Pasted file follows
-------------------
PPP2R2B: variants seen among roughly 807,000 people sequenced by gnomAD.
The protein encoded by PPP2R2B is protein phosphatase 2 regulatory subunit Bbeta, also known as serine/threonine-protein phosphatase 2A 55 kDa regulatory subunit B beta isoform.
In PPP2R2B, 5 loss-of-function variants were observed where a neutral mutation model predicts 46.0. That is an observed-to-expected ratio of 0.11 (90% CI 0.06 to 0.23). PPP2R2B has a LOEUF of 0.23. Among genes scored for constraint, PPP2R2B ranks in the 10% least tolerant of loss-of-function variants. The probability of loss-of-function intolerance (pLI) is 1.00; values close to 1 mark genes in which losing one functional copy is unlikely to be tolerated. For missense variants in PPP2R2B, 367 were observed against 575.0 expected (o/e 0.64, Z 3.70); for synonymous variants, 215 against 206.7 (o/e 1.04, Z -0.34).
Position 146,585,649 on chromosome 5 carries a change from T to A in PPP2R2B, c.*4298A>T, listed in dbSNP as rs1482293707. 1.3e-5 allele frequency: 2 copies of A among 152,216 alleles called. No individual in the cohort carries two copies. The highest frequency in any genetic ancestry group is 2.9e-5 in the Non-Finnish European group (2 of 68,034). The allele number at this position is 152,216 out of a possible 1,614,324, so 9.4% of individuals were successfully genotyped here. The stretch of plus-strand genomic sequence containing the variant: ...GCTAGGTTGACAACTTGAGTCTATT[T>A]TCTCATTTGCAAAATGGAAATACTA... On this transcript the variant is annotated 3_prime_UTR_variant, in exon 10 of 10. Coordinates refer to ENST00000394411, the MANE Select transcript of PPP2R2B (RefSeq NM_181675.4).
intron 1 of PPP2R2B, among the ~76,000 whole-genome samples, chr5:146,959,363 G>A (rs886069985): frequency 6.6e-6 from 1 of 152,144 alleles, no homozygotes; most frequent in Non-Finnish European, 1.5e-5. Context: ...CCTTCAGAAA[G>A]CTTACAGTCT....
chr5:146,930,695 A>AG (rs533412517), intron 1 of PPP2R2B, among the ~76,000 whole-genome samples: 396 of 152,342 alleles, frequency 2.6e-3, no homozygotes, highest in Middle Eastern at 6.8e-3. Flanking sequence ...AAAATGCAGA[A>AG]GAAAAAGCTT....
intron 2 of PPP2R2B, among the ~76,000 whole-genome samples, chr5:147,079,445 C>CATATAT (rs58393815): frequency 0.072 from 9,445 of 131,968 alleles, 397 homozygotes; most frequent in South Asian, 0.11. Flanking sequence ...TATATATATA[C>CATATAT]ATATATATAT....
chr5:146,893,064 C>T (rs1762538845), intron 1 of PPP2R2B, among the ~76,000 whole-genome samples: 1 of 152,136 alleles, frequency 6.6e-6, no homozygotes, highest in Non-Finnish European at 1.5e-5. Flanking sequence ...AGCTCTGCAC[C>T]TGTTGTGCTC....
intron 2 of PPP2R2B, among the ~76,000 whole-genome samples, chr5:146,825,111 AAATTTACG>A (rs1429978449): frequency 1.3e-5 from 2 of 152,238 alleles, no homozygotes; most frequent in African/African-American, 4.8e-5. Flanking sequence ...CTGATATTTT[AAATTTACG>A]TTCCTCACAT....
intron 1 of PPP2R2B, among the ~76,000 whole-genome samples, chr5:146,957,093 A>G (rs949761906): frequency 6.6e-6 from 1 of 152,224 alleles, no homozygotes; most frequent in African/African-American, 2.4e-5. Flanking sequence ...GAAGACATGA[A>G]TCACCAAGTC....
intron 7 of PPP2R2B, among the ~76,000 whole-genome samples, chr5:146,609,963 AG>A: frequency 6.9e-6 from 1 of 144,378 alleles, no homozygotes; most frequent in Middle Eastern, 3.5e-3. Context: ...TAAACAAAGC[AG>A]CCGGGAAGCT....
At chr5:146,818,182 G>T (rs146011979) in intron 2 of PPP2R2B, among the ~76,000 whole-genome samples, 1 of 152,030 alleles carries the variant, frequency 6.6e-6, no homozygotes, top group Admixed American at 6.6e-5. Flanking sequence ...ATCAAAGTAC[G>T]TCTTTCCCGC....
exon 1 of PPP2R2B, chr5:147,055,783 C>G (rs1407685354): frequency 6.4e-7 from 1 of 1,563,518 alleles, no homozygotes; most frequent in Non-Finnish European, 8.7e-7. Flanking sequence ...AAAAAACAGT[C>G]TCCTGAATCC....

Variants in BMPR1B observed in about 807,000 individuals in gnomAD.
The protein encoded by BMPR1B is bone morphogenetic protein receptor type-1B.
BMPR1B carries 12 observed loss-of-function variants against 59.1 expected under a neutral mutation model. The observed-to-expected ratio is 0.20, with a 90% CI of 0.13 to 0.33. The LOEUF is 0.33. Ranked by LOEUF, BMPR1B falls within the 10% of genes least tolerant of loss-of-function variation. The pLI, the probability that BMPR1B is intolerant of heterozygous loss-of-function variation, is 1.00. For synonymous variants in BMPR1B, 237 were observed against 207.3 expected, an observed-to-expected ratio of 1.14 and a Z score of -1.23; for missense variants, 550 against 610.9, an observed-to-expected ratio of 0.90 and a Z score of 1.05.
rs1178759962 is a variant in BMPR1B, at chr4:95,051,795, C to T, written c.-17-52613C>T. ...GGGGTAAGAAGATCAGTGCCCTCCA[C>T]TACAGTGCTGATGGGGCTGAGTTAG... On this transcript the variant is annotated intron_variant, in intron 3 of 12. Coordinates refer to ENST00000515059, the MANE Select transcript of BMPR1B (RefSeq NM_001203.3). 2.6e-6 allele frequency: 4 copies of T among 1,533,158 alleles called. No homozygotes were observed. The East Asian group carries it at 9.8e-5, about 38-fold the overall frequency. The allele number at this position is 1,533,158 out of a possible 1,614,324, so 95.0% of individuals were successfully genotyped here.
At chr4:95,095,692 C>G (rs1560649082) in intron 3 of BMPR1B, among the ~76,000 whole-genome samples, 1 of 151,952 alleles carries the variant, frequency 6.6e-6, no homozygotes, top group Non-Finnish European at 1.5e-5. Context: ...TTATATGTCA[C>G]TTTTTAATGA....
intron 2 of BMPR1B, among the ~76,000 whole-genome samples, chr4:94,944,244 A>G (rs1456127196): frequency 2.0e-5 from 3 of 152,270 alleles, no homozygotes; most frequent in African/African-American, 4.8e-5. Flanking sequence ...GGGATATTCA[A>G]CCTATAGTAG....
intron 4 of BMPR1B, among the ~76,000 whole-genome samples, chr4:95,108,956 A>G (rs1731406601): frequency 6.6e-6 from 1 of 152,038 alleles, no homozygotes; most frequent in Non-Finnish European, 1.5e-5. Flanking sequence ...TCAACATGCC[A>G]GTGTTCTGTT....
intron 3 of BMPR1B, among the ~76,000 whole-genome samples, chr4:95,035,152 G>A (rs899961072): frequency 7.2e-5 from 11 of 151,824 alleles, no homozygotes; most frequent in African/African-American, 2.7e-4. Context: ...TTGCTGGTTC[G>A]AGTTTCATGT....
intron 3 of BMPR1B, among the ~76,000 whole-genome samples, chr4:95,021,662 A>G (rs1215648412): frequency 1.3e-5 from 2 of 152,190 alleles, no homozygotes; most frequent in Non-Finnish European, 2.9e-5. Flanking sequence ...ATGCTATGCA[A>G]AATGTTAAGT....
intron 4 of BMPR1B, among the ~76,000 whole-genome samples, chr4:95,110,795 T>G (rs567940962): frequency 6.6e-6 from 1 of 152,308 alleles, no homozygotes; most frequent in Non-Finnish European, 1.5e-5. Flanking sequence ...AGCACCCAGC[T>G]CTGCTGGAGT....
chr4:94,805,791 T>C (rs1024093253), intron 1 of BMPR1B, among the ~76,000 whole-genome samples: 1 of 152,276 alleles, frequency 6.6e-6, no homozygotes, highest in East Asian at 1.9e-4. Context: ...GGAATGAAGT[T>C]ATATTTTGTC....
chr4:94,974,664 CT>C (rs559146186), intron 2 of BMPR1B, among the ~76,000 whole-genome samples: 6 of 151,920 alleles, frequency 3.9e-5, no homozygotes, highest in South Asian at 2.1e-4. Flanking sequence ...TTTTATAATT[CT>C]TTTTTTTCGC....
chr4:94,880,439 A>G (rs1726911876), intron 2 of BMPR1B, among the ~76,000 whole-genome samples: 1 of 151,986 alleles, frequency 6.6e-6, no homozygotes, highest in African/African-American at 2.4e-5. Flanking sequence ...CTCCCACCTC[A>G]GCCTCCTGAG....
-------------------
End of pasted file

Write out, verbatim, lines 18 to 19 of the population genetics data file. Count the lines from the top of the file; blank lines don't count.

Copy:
At chr4:95,095,692 C>G (rs1560649082) in intron 3 of BMPR1B, among the ~76,000 whole-genome samples, 1 of 151,952 alleles carries the variant, frequency 6.6e-6, no homozygotes, top group Non-Finnish European at 1.5e-5. Context: ...TTATATGTCA[C>G]TTTTTAATGA....
intron 2 of BMPR1B, among the ~76,000 whole-genome samples, chr4:94,944,244 A>G (rs1456127196): frequency 2.0e-5 from 3 of 152,270 alleles, no homozygotes; most frequent in African/African-American, 4.8e-5. Flanking sequence ...GGGATATTCA[A>G]CCTATAGTAG....